Commercial Fisheries, Salmon, and Orcas

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Turn on any health/talk show, and it is not long before your might hear the host touting the benefit of eating salmon. We are told that the fats present in salmon and a few other species of fish are good for our hearts, and it is recommended that we eat moderate portions of those fish twice a week.

That is all well and good…except there are so many mouths to feed; over 300 million Americans at present, and nearly 7 billion people on the planet. If even just 10% of us eat salmon twice a week, we are talking about a tremendous amount of fish. How in the world will we ever manage to catch enough? Can we? It would seem that much is riding on the ability of the commercial fishermen and women to provide us with the salmon we need, yet leave some for the orcas, without driving wild salmon to extinction. It’s a tall order.

To give us the perspective of Puget Sound commercial fisheries, commercial fisherman Robert Sudar has agreed to share his experience and expertise. He started his fishing career almost 40 years ago, and has served as commercial adviser to the Washington Department of Fish and Wildlife for the last 20 years. His comments to previous posts have been very informative (as have several others – all comments are important, this is a community forum), so I asked permission to re-post them here in part.

Below are my questions about fishing methods and the constraints upon the fisheries, followed by his answers (again, these were taken from a series of comments made previously):

J pod with fishing boat (Photo by Stewart Macintyre)

On commercial salmon fishing methods:

Purse seines are used in Puget Sound and are a primary harvest method there along with gillnets. Purse seines have corks on top and a lead line along the bottom, too, but the mesh size in the net is smaller and the twine used to make it is much heavier because it doesn’t matter if the fish can see it. Two boats (one larger 40′-65′ vessel and one smaller skiff) are used to lay the net out in front of the salmon’s path in roughly a half-circle. The ends are then brought together and a nylon line that runs through rings attached to the lead line is brought on-board, drawing the bottom of the net together like the closure on some purses, hence the name of this method. The fish are trapped inside (unless they swam out before the bottom was closed) and the net is brought onboard from one end. The portion in the water is progressively reduced until the fish are contained in a heavier portion at the very end, at which point they are lifted onto the larger vessel.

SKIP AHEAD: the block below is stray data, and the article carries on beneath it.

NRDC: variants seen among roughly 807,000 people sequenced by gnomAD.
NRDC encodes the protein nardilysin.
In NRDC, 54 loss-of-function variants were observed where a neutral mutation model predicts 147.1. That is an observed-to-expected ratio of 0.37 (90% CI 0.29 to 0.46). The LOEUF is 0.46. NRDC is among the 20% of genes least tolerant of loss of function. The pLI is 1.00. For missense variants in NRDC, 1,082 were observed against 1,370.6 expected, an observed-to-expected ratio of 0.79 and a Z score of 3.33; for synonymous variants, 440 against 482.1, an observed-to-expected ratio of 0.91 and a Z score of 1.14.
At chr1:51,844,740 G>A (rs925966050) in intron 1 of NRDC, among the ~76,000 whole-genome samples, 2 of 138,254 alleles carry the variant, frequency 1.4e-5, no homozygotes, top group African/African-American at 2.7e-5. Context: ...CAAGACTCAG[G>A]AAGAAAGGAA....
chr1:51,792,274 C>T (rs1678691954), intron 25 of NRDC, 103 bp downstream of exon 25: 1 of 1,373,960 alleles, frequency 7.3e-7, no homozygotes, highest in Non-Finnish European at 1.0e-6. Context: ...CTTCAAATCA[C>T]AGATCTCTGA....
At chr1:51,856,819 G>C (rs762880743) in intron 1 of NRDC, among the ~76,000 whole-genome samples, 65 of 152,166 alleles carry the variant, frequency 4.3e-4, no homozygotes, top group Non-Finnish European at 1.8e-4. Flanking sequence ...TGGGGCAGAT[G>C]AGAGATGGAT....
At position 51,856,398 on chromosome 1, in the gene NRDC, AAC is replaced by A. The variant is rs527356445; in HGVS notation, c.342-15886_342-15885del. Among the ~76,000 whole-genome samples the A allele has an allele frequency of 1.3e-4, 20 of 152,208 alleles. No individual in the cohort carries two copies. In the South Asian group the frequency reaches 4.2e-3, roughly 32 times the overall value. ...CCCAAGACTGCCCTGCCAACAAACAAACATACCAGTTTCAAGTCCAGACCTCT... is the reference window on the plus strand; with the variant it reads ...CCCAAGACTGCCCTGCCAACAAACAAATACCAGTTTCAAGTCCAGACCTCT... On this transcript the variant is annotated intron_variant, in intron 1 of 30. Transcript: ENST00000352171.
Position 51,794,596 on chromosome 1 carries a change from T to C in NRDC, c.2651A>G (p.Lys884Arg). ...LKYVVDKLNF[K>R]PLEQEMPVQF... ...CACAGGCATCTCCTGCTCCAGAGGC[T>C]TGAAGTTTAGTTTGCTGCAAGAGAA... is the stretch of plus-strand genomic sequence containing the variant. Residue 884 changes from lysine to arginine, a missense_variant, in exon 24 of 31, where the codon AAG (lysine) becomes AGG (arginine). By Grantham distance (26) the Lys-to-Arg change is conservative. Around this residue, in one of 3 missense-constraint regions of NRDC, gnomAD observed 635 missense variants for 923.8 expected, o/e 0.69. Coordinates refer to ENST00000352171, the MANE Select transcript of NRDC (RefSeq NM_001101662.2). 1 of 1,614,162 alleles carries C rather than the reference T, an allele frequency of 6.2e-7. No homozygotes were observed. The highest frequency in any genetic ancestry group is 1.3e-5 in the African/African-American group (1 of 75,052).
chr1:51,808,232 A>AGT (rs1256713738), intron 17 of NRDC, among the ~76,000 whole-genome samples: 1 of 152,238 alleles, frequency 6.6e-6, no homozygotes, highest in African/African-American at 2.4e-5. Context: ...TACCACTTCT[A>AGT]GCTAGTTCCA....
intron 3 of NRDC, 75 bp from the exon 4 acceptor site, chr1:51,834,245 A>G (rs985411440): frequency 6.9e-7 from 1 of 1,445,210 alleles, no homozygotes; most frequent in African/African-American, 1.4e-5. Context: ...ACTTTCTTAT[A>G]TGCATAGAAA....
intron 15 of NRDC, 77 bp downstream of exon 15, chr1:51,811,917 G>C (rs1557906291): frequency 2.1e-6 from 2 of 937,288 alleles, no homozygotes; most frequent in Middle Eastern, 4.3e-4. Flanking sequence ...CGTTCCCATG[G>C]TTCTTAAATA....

A few points about commercial fishing in Puget Sound and the Columbia River:

There hasn’t been a directed non-Indian commercial harvest of Chinook or Coho in Puget Sound since Bern Shanks made them sport-priority species in the early 1990s. I’m pretty sure there is still an Indian harvest, but non-Indian commercials would need a very specific condition to receive a harvest share in a given year. On the Columbia, we avoided that draconian measure because Chinook and Coho are our primary species. However, we have very specific harvest quotas for each run and don’t ever fish a lot of days, so our impact is very controlled and very measurable, and is usually not a mixed-stock fishery, which is one thing the ocean troll fisheries can’t claim. Harvest is always the place that gets looked at first for cutbacks because it’s the easiest place to look and it’s the only one that Fish and Wildlife has any control over. Harvest keeps getting cut back (both sport and commercial) with only slow (or no) improvements in runs – that should make it pretty clear that harvest isn’t the limiting factor.

On by-catch: